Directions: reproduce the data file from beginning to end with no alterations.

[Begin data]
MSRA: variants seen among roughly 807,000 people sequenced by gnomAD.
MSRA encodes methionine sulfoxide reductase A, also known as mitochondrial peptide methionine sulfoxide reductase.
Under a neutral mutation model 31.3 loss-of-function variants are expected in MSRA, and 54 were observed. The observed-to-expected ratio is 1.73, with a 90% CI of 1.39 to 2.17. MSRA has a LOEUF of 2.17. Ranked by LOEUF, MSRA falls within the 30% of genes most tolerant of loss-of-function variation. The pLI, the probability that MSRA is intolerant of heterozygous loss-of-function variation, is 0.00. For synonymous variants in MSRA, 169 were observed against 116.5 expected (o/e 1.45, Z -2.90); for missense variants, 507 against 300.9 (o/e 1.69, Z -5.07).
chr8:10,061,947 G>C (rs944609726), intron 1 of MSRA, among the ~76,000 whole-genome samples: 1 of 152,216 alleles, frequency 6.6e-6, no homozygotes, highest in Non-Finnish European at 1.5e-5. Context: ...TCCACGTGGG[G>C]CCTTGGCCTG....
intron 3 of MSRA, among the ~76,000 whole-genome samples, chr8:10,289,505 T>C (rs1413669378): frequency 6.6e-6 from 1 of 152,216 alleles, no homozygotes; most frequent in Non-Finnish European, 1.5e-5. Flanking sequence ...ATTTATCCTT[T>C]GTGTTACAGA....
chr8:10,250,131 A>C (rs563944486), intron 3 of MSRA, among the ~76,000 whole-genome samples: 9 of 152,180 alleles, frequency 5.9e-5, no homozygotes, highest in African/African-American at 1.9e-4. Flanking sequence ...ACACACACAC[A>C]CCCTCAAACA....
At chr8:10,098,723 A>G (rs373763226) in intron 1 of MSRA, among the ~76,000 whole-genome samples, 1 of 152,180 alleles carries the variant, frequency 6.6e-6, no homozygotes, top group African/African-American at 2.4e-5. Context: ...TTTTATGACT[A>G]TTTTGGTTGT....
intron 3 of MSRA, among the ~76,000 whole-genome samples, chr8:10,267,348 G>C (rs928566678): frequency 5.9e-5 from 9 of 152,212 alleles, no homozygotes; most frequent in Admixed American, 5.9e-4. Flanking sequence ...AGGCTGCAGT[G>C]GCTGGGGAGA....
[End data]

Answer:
MSRA: variants seen among roughly 807,000 people sequenced by gnomAD.
MSRA encodes methionine sulfoxide reductase A, also known as mitochondrial peptide methionine sulfoxide reductase.
Under a neutral mutation model 31.3 loss-of-function variants are expected in MSRA, and 54 were observed. The observed-to-expected ratio is 1.73, with a 90% CI of 1.39 to 2.17. MSRA has a LOEUF of 2.17. Ranked by LOEUF, MSRA falls within the 30% of genes most tolerant of loss-of-function variation. The pLI, the probability that MSRA is intolerant of heterozygous loss-of-function variation, is 0.00. For synonymous variants in MSRA, 169 were observed against 116.5 expected (o/e 1.45, Z -2.90); for missense variants, 507 against 300.9 (o/e 1.69, Z -5.07).
chr8:10,061,947 G>C (rs944609726), intron 1 of MSRA, among the ~76,000 whole-genome samples: 1 of 152,216 alleles, frequency 6.6e-6, no homozygotes, highest in Non-Finnish European at 1.5e-5. Context: ...TCCACGTGGG[G>C]CCTTGGCCTG....
intron 3 of MSRA, among the ~76,000 whole-genome samples, chr8:10,289,505 T>C (rs1413669378): frequency 6.6e-6 from 1 of 152,216 alleles, no homozygotes; most frequent in Non-Finnish European, 1.5e-5. Flanking sequence ...ATTTATCCTT[T>C]GTGTTACAGA....
chr8:10,250,131 A>C (rs563944486), intron 3 of MSRA, among the ~76,000 whole-genome samples: 9 of 152,180 alleles, frequency 5.9e-5, no homozygotes, highest in African/African-American at 1.9e-4. Flanking sequence ...ACACACACAC[A>C]CCCTCAAACA....
At chr8:10,098,723 A>G (rs373763226) in intron 1 of MSRA, among the ~76,000 whole-genome samples, 1 of 152,180 alleles carries the variant, frequency 6.6e-6, no homozygotes, top group African/African-American at 2.4e-5. Context: ...TTTTATGACT[A>G]TTTTGGTTGT....
intron 3 of MSRA, among the ~76,000 whole-genome samples, chr8:10,267,348 G>C (rs928566678): frequency 5.9e-5 from 9 of 152,212 alleles, no homozygotes; most frequent in Admixed American, 5.9e-4. Flanking sequence ...AGGCTGCAGT[G>C]GCTGGGGAGA....